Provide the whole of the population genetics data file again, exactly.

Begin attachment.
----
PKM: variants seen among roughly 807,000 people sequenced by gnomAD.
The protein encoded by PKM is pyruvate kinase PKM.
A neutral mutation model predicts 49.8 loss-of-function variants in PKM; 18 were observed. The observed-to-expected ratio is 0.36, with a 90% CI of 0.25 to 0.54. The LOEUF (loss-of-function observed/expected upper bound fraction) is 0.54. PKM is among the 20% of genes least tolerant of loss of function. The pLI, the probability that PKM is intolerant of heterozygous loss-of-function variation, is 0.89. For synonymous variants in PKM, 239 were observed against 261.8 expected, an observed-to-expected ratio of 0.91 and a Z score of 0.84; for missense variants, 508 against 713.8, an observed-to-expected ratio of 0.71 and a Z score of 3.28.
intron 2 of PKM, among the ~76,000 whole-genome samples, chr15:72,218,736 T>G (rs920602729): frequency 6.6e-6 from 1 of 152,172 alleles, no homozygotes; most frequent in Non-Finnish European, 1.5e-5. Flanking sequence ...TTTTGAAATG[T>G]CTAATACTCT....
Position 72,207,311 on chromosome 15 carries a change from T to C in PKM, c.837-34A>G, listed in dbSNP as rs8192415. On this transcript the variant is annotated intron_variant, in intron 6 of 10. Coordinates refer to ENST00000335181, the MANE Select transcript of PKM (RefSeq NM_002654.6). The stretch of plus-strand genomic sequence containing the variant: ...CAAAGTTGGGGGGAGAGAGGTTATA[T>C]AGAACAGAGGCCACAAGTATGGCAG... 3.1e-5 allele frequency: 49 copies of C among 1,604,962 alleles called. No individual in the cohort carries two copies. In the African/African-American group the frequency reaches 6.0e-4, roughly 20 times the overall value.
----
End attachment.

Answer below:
PKM: variants seen among roughly 807,000 people sequenced by gnomAD.
The protein encoded by PKM is pyruvate kinase PKM.
A neutral mutation model predicts 49.8 loss-of-function variants in PKM; 18 were observed. The observed-to-expected ratio is 0.36, with a 90% CI of 0.25 to 0.54. The LOEUF (loss-of-function observed/expected upper bound fraction) is 0.54. PKM is among the 20% of genes least tolerant of loss of function. The pLI, the probability that PKM is intolerant of heterozygous loss-of-function variation, is 0.89. For synonymous variants in PKM, 239 were observed against 261.8 expected, an observed-to-expected ratio of 0.91 and a Z score of 0.84; for missense variants, 508 against 713.8, an observed-to-expected ratio of 0.71 and a Z score of 3.28.
intron 2 of PKM, among the ~76,000 whole-genome samples, chr15:72,218,736 T>G (rs920602729): frequency 6.6e-6 from 1 of 152,172 alleles, no homozygotes; most frequent in Non-Finnish European, 1.5e-5. Flanking sequence ...TTTTGAAATG[T>G]CTAATACTCT....
Position 72,207,311 on chromosome 15 carries a change from T to C in PKM, c.837-34A>G, listed in dbSNP as rs8192415. On this transcript the variant is annotated intron_variant, in intron 6 of 10. Coordinates refer to ENST00000335181, the MANE Select transcript of PKM (RefSeq NM_002654.6). The stretch of plus-strand genomic sequence containing the variant: ...CAAAGTTGGGGGGAGAGAGGTTATA[T>C]AGAACAGAGGCCACAAGTATGGCAG... 3.1e-5 allele frequency: 49 copies of C among 1,604,962 alleles called. No individual in the cohort carries two copies. In the African/African-American group the frequency reaches 6.0e-4, roughly 20 times the overall value.